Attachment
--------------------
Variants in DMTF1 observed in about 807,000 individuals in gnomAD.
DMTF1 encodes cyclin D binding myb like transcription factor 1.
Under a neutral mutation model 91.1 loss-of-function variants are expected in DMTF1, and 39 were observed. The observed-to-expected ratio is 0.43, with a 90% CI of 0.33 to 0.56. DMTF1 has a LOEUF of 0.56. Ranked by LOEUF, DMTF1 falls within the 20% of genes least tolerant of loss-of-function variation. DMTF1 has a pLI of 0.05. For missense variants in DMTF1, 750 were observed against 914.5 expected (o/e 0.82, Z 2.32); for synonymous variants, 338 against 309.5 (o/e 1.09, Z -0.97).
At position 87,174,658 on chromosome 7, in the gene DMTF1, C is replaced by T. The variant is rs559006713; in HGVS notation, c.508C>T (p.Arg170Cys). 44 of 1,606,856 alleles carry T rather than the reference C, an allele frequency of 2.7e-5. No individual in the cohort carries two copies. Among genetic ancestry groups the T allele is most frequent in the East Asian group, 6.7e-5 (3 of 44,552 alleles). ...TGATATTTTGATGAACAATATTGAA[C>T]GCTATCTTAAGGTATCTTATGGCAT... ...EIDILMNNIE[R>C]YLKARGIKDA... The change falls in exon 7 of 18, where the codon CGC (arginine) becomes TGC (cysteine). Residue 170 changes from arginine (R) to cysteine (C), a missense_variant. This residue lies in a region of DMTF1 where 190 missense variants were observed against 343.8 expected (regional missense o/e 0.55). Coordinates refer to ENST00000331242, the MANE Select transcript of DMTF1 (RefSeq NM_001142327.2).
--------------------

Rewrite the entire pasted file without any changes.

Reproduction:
Variants in DMTF1 observed in about 807,000 individuals in gnomAD.
DMTF1 encodes cyclin D binding myb like transcription factor 1.
Under a neutral mutation model 91.1 loss-of-function variants are expected in DMTF1, and 39 were observed. The observed-to-expected ratio is 0.43, with a 90% CI of 0.33 to 0.56. DMTF1 has a LOEUF of 0.56. Ranked by LOEUF, DMTF1 falls within the 20% of genes least tolerant of loss-of-function variation. DMTF1 has a pLI of 0.05. For missense variants in DMTF1, 750 were observed against 914.5 expected (o/e 0.82, Z 2.32); for synonymous variants, 338 against 309.5 (o/e 1.09, Z -0.97).
At position 87,174,658 on chromosome 7, in the gene DMTF1, C is replaced by T. The variant is rs559006713; in HGVS notation, c.508C>T (p.Arg170Cys). 44 of 1,606,856 alleles carry T rather than the reference C, an allele frequency of 2.7e-5. No individual in the cohort carries two copies. Among genetic ancestry groups the T allele is most frequent in the East Asian group, 6.7e-5 (3 of 44,552 alleles). ...TGATATTTTGATGAACAATATTGAA[C>T]GCTATCTTAAGGTATCTTATGGCAT... ...EIDILMNNIE[R>C]YLKARGIKDA... The change falls in exon 7 of 18, where the codon CGC (arginine) becomes TGC (cysteine). Residue 170 changes from arginine (R) to cysteine (C), a missense_variant. This residue lies in a region of DMTF1 where 190 missense variants were observed against 343.8 expected (regional missense o/e 0.55). Coordinates refer to ENST00000331242, the MANE Select transcript of DMTF1 (RefSeq NM_001142327.2).